Nic's bench - I have put the Wendameen aside because Al has finished Ellie Mara to the point of rigging, so he turned her over to me to at least do the standing rigging. Tiny little deadeyes!.
Al's bench - With Ellie Mara off his bench, Al has returned to working on the 6-masted schooner Wyoming. The kit will come with the building board you see in the picture.
Something Fun - If my body was a car
If my body was a car, this is the time I would be thinking about trading it in for a newer model. I've got bumps and dents and scratches in my finish and my paint job is getting a little dull....

But that's not the worst of it:
My headlights are out of focus and it's especially hard to see things up close.
My traction is not as graceful as it once was. I slip and slide and skid and bump into things even in the best of weather.
My whitewalls are stained with varicose veins.
It takes me hours to reach my maximum speed.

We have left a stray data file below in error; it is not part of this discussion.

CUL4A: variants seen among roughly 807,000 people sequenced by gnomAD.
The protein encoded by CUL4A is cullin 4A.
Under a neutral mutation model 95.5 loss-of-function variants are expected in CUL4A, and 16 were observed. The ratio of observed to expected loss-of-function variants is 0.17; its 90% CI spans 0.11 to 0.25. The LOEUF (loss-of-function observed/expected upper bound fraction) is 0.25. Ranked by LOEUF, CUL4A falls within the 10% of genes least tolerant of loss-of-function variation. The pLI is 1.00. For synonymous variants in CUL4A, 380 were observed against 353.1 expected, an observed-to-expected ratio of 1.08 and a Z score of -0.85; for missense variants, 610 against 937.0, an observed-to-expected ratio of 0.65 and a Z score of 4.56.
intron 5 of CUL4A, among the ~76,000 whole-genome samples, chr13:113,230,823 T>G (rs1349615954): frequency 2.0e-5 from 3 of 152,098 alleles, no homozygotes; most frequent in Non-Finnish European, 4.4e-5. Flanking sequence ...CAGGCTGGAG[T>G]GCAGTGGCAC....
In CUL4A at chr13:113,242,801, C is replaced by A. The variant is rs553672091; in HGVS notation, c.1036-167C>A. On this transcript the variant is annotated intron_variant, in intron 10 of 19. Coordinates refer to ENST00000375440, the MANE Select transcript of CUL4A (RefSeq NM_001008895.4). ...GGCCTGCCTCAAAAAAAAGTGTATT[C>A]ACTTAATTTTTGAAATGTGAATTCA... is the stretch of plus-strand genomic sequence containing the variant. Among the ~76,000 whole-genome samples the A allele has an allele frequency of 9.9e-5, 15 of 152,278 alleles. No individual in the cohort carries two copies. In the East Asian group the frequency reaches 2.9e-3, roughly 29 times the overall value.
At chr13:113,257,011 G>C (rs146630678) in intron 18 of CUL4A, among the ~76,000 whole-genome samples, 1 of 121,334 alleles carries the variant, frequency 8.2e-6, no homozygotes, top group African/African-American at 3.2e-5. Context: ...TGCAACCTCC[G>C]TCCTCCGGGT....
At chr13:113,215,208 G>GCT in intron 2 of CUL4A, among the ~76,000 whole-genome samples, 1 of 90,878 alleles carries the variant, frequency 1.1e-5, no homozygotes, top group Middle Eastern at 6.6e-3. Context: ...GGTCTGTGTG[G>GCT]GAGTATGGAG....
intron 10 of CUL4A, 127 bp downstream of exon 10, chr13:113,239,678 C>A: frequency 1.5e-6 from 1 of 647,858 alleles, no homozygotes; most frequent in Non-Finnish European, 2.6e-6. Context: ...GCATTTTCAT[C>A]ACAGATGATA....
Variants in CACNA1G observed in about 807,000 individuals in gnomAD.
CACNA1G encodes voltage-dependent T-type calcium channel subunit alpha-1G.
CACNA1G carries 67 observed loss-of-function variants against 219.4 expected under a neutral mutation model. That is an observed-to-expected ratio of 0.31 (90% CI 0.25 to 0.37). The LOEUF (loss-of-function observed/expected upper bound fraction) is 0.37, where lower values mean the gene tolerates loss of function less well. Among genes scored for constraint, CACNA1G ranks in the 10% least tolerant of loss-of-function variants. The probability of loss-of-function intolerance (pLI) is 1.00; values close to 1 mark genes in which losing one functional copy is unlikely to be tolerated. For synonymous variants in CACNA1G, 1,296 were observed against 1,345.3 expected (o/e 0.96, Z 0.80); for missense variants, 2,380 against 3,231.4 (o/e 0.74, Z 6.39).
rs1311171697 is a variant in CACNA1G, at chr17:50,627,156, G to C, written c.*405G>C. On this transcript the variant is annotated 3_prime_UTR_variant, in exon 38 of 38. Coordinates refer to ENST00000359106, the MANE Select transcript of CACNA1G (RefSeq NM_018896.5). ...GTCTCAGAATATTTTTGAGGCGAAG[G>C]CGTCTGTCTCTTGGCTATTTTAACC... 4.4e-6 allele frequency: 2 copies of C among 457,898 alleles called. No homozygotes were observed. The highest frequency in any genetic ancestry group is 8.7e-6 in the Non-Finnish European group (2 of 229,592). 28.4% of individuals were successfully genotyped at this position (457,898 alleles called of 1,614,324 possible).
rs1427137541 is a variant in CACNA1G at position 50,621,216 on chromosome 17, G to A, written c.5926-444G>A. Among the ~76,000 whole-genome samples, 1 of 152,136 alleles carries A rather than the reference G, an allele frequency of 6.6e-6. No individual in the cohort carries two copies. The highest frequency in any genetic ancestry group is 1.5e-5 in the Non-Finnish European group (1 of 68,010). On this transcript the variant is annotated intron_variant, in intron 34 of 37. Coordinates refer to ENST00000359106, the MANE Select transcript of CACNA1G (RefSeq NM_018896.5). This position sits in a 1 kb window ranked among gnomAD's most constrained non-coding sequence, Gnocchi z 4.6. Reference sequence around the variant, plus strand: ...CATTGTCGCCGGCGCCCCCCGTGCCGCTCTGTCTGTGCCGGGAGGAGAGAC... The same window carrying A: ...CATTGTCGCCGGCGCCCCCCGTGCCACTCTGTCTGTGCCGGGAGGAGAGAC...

My fuel rate burns inefficiently.

But here's the worst of it:
Almost every time I sneeze, cough or sputter, either my radiator leaks or my exhaust backfires!
Tip of the Month - CA glue station
This tip is from Chuck M of CO.

"I am sharing a few pictures of my work table and a modeling hint regarding my CA glue station.  I use a small vial of acetone to keep my glue needle clean. I keep the vial in the wooden holder to keep it from tipping and spilling (don’t ask me how I now). I also use a small syringe and needle to apple single drops of activator when needed." 
Blatant Publicity
A Final Thought...
Hard to believe the end of the year is in sight. This year we have upgraded our computer systems ( 5 new computers and a new server) and point of sale software. We will soon launch our new website with search functions, picture zoom capability, and real pictures of our fittings.. All of which takes a lot of time and resources. But in the end, we are better, stronger and more well-equipped to handle the future and serve you, our customers.
Nic Damuck
BlueJacket Shipcrafters